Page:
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Health workers decry poor wages, rising cost of living 

by Haruna Gimba
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By Muhammad Amaan with agency report

As Nigeria marks the 2024 Worker’s Day, healthcare workers in the country have decried the poor economic conditions in the country, which they lamented have inflicted untold hardships on them.

They said while there are some improvements in allowances, their working conditions have not improved since the administration of President Bola Tinubu.

The Federal Government declared Wednesday, May 1, 2024, as a public holiday in commemoration of Workers’ Day.

The Minister of Interior, Olubunmi Tunji-Ojo, who declared the holiday emphasised the importance of excellence, efficiency, and fairness in labour.

Tunji-Ojo reiterated President Bola Tinubu’s administration’s dedication to fostering innovation, productivity, and inclusivity in workplaces.

Speaking, the President of the Medical and Dental Consultants’ Association of Nigeria, Prof Muhammad Muhammad said, “The working condition is virtually as it is. The economy is affecting everyone all over the country.

“For now, there are not many changes physically, we’ve seen some efforts being made to give waivers for the employment of more healthcare workers, but the issue is that availability is one of the major problems, as you are aware of the Japa syndrome.

“As far as I’m concerned, the working conditions are as it was in the last year. Because the little progress that is made on the implementation of 25-35 per cent of basic salary was overtaken by the economic situation. So, people are a bit lower economically than they were in the last year, because of the economic changes that have occurred.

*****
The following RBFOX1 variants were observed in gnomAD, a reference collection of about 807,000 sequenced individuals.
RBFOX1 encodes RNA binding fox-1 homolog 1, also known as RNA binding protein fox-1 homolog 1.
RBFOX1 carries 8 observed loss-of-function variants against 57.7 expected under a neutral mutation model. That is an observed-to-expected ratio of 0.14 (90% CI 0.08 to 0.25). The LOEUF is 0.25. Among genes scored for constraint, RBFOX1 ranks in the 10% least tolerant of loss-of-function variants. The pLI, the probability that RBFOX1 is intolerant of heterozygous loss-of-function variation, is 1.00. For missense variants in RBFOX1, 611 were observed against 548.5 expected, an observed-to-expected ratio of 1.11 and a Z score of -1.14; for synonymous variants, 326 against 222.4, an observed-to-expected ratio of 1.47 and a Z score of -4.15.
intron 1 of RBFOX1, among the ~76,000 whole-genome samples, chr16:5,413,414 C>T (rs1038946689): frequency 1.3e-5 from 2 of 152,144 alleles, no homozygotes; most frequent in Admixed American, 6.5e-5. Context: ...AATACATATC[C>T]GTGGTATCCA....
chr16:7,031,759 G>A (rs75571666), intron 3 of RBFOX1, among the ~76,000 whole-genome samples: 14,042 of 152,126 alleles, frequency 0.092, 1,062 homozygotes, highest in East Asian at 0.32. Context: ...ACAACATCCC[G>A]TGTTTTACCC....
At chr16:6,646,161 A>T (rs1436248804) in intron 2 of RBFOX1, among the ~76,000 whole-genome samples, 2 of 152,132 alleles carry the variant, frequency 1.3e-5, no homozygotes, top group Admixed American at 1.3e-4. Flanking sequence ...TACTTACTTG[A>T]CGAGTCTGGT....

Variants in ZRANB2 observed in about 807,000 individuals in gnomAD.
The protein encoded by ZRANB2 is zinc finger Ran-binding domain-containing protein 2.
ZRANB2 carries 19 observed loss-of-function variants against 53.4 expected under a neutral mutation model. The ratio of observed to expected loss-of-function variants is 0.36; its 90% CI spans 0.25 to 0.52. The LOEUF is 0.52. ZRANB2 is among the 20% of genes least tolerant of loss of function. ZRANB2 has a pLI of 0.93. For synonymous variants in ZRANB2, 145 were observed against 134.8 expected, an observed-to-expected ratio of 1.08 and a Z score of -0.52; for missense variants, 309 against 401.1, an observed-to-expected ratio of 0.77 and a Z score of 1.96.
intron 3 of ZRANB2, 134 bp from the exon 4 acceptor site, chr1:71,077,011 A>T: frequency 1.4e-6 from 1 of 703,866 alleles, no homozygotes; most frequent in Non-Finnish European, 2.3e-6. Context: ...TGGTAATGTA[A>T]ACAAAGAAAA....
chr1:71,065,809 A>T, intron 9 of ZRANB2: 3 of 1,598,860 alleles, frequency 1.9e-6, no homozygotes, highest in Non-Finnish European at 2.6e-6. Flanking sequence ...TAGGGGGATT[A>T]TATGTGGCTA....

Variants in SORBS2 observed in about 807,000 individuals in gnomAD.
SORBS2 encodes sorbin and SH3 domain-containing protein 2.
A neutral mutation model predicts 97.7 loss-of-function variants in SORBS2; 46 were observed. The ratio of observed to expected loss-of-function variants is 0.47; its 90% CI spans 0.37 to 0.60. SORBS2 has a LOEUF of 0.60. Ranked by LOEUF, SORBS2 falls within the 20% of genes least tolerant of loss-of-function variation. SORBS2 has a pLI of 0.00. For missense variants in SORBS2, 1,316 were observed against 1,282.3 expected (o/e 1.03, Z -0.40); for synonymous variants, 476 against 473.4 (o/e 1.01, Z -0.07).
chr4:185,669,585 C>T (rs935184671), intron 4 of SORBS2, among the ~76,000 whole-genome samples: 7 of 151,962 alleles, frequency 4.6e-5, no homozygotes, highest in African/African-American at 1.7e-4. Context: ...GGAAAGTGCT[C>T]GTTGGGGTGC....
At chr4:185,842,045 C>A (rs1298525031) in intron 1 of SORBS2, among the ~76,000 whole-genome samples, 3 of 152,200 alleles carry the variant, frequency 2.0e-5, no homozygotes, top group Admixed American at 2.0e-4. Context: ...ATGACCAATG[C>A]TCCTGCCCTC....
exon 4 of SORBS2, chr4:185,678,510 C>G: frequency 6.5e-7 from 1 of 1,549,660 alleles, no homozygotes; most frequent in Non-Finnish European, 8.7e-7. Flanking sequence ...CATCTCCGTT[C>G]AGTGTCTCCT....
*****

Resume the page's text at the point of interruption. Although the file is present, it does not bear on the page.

“Some efforts have been made to see how they can mobilise some resources and machinery, but they are yet to reach the hospital,” the don said.

The General Secretary of the Joint Health Sector Unions, Martins Egbanubi said healthcare workers are still trying to cope with the socio-economic condition imposed by the policy of the subsidy removal about one year ago.

He said, “It’s not palatable. There is terrible stress on our wages, and the rising cost of living, which is astronomical, is really harming us. So, it’s not the best of times for healthcare workers, and that’s why you still see that healthcare professionals still leave the country.”

Egbanubi noted that the gains of the 2019 minimum wage have been eroded by the increase in the price of Premium Motor Spirit (petrol).

“We need a living wage, a living wage takes into consideration the cost of living, not just an adjustment of wage that at the end of the day you begin to witness price increases because the food inflation is just uncalled for.

“I’m not being pessimistic, but the fact is that if we go by some of these policies, without being conscious of the fact that the economy has to be productive because we can’t be a consuming economy and want things to get better. There’s no magic anywhere. We must have an economy that produces and be able to attract foreign exchange so that we can be able to have a service-oriented system,” he stated.

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